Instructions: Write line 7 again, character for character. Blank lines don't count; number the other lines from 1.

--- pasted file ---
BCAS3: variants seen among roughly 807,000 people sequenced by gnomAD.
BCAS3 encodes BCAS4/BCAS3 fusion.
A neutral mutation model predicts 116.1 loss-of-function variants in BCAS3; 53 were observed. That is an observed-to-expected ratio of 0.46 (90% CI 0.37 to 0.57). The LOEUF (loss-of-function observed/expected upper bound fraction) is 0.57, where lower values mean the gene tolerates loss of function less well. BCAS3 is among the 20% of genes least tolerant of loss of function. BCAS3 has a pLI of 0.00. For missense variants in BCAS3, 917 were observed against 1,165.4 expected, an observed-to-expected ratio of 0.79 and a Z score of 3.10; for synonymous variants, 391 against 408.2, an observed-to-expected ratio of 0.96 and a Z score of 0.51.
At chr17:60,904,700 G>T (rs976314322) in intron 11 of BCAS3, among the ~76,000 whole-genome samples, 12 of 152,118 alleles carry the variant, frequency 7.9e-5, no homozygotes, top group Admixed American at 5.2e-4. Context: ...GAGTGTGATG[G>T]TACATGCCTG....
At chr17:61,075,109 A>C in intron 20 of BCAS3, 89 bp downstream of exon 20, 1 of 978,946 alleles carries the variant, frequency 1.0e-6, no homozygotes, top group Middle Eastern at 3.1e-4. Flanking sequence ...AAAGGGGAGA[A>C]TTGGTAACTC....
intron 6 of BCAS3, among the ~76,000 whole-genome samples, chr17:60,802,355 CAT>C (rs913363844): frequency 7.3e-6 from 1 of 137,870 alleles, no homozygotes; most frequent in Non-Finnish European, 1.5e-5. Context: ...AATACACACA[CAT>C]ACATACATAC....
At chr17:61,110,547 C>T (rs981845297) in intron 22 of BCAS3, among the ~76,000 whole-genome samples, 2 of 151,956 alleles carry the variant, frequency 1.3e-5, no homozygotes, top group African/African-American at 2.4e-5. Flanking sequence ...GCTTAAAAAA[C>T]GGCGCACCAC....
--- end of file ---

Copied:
At chr17:61,110,547 C>T (rs981845297) in intron 22 of BCAS3, among the ~76,000 whole-genome samples, 2 of 151,956 alleles carry the variant, frequency 1.3e-5, no homozygotes, top group African/African-American at 2.4e-5. Flanking sequence ...GCTTAAAAAA[C>T]GGCGCACCAC....